These rules are described in the text 'Designing the User Interface' by Ben Shneiderman. To improve the usability of an application, it is important to have a well designed interface. Shneiderman's 'Eight Golden Rules of Interface Design' are a guide to good interaction design.
Consistent sequences of actions should be required in similar situations; identical terminology should be used in prompts, menus, and help screens; and consistent commands should be employed throughout.
As the frequency of use increases, so do the user's desires to reduce the number of interactions and to increase the pace of interaction. Abbreviations, function keys, hidden commands, and macro facilities are very helpful to an expert user.
For every operator action, there should be some system feedback. For frequent and minor actions, the response can be modest, while for infrequent and major actions, the response should be more substantial.
Sequences of actions should be organized into groups with a beginning, middle and end. The informative feedback at the completion of a group of actions gives the operators the satisfaction of accomplishment, a sense of relief, the signal to drop contingency plans & options from their minds, and an indication that the way is clear to prepare for the next group of actions.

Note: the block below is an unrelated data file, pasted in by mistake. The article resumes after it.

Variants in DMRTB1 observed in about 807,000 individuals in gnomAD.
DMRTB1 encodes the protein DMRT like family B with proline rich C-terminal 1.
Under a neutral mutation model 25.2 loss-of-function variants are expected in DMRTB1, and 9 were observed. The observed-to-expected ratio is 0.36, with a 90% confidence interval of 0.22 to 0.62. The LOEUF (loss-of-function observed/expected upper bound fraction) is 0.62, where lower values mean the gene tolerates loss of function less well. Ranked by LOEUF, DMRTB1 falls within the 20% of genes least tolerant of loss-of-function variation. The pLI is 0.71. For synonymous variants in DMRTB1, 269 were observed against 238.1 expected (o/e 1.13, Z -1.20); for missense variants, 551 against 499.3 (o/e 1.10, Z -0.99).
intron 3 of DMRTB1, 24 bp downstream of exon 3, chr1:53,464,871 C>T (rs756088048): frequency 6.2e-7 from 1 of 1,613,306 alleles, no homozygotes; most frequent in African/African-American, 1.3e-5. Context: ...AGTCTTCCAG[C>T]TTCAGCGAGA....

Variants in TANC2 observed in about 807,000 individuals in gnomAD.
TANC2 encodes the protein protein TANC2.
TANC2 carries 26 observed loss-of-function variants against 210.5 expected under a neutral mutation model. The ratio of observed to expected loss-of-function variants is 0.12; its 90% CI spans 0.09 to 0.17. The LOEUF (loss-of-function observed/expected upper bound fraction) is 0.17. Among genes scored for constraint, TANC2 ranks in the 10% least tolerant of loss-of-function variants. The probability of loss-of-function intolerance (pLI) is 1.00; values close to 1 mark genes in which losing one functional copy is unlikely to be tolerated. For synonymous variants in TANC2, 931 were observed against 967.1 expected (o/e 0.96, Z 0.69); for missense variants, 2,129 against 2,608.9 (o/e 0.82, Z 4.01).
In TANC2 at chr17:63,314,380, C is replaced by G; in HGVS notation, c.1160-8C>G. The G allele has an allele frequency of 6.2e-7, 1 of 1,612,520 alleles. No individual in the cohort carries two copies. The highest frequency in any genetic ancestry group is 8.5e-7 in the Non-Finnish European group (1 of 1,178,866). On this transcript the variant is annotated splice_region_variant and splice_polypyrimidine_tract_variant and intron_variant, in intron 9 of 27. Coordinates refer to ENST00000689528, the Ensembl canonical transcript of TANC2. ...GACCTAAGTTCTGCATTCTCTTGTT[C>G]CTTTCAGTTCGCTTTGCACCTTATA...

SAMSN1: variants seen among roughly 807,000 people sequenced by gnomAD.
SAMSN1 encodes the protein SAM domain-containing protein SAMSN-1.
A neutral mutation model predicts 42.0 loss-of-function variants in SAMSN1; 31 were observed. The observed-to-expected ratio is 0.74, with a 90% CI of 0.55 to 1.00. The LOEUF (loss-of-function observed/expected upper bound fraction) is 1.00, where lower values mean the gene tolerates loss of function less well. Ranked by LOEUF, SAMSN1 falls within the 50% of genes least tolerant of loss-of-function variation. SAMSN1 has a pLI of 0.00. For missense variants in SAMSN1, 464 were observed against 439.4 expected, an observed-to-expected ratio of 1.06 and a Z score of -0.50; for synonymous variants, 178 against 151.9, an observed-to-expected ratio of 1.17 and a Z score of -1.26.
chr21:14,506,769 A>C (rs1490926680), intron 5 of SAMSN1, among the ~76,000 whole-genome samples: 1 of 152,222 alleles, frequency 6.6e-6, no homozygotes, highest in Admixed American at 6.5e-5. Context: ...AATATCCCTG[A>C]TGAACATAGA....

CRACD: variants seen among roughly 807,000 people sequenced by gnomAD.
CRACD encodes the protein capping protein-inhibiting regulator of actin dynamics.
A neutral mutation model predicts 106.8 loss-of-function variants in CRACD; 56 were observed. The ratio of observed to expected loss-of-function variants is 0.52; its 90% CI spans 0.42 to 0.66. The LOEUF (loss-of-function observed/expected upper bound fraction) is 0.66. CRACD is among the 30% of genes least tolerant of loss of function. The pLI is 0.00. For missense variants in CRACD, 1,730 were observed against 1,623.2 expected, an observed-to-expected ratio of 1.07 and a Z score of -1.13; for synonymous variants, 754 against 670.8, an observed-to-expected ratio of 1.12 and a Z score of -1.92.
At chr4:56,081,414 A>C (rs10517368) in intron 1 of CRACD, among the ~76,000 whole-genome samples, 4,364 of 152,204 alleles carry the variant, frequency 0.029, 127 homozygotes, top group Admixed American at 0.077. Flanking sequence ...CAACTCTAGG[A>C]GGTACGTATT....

As much as possible, design the system so the user cannot make a serious error. If an error is made, the system should be able to detect the error and offer simple comprehensible mechanisms for handling the error.
This feature relieves anxiety, since the user knows that errors can be undone; it thus encourages exploration of unfamiliar options. The units of reversibility may be a single action, a data entry or a complete group of actions.
Experienced operators strongly desire the sense that they are in charge of the system and that the system responds to their actions. Design the system to make users the initiators of actions rather than the responders.
The limitation of human information processing in short-term memory requires that displays be kept simple, multiple page displays be consolidated, window-motion frequency be reduced and sufficient training time be allotted for codes, mnemonics and sequences of actions.
Ben Shneiderman in 2007
Ben Shneiderman is a Professor in the Department of Computer Science at the University of Maryland in the USA.